On Sunday large protests broke out across Bujumbura, the capital of Burundi, in opposition to President Pierre Nkurunziza’s decision to run for a third term.  At least six people have been killed in clashes with the police, reports to the Burundi Red Cross, and on Tuesday the authorities began blocking social media platforms.

The opposition, made up largely of university students, claims a third term is prohibited in the constitution. Mr. Nkurunziza and his supporters say the constitution only prevents two popular elections to the presidency. His first term was part of the Arusha Peace Agreement and therefore exempt, he says.

I was in Burundi in December last year, running a Training of Trainers for StoryMaker and creating a series of multimedia curriculum content for a new lesson pack in StoryMaker. Though it was only three weeks I got to see a bit of the country and several of the participants left a strong impression on me.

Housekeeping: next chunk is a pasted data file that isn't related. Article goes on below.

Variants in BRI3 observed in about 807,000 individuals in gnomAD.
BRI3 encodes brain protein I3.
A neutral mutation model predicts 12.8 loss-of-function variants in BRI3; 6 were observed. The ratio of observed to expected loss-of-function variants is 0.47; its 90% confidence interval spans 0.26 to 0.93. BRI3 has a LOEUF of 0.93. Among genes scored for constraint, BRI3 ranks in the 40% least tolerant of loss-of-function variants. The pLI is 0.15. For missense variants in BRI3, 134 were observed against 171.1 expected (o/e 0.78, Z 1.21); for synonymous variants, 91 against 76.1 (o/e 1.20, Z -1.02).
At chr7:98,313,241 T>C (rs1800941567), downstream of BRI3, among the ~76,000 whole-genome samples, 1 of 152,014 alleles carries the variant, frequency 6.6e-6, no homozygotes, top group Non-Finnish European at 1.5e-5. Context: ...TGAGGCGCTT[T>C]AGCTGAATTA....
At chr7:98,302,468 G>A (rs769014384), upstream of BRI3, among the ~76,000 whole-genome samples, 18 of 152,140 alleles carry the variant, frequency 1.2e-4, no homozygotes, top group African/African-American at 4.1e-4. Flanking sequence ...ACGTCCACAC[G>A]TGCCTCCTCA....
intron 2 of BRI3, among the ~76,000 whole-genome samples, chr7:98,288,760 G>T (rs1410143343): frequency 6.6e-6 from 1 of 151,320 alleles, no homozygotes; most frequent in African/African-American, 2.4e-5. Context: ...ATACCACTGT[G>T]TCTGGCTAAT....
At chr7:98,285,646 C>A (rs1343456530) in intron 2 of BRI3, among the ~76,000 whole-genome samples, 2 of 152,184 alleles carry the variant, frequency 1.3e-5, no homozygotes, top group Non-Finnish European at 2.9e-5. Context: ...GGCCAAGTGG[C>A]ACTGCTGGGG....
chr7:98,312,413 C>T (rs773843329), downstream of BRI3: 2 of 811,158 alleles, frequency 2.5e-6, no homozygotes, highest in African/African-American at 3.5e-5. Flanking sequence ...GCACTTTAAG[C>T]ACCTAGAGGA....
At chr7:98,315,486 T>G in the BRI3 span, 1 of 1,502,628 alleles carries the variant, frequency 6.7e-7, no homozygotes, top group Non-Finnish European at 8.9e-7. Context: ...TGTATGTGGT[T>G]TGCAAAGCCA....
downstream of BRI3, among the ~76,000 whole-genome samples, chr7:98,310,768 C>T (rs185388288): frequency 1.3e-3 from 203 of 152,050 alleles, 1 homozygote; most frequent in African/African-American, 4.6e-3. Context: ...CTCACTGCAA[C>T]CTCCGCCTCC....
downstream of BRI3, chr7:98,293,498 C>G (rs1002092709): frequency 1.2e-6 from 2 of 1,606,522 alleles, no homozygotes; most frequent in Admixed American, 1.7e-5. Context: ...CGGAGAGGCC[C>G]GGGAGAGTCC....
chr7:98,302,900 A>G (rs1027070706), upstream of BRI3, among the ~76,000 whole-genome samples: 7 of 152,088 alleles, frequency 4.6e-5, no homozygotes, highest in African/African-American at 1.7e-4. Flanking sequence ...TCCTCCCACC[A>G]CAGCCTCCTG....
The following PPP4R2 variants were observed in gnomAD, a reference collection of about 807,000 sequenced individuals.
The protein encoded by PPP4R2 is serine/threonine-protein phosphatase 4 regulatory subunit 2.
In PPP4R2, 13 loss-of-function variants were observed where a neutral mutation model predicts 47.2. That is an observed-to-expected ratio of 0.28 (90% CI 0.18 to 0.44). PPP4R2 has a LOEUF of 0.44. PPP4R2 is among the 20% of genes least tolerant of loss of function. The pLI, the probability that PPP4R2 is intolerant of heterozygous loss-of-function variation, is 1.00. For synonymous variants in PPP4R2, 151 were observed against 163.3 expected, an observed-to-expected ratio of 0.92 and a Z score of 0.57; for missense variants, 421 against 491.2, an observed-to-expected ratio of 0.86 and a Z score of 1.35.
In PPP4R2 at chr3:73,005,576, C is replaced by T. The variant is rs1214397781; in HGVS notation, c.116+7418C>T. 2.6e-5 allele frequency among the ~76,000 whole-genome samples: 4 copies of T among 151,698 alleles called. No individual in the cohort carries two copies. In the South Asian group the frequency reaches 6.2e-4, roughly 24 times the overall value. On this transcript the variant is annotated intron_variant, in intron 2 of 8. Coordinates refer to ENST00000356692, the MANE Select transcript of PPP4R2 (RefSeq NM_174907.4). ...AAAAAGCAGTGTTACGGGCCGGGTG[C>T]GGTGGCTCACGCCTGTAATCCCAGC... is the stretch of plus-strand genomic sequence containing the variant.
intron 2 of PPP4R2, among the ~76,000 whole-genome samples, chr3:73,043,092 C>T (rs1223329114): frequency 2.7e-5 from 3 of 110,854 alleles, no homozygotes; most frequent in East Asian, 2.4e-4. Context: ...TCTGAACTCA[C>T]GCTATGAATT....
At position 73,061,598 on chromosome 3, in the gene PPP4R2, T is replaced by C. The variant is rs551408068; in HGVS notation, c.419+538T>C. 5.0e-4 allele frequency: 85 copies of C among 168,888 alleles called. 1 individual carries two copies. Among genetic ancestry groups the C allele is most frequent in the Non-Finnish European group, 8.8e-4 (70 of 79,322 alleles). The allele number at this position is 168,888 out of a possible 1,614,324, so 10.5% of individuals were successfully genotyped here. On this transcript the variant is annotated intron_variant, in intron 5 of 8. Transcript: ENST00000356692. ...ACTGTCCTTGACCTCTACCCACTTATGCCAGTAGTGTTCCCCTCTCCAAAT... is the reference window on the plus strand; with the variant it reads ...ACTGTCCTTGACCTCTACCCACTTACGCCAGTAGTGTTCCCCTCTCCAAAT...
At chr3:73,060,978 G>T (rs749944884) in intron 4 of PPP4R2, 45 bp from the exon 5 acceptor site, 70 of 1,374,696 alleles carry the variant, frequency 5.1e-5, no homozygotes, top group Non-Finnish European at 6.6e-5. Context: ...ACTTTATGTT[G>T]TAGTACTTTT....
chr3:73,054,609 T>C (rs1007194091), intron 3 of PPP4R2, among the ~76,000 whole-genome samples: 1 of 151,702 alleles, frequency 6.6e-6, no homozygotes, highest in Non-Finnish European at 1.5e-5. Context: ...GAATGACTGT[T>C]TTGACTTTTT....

Two of my trainees have been reporting and tweeting the events in Bujumbura. One, a blogger, seems primarily to be reporting from her home and retweeting and passing on information from friends and neighbors. The other, a young media professor, has been on the streets, taking video, photo, and audio reports of events, using the StoryMaker application.

To get around the the social media blocks my friend, and others, began quickly sharing information about VPNs and other methods to circumvent the blocked communications. They first moved to Twitter and Facebook when WhatsApp was blocked. Now it seems a VPN is a necessity for communicating over the mobile network, and there are rumors that communications will be cut entirely.

It’s anyone’s guess what the weekend will bring, but keep an eye on @JahsonNduwimana and @MDacia as well as the #Burundi and #Burundi2015 hashtags. We’ll update you as well if we hear news from our colleagues.

(Featured image credit: Jean-Régis Nduwimana via Twitter)

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Link: http://smallworldnews.com/blog/blocked-in-burundi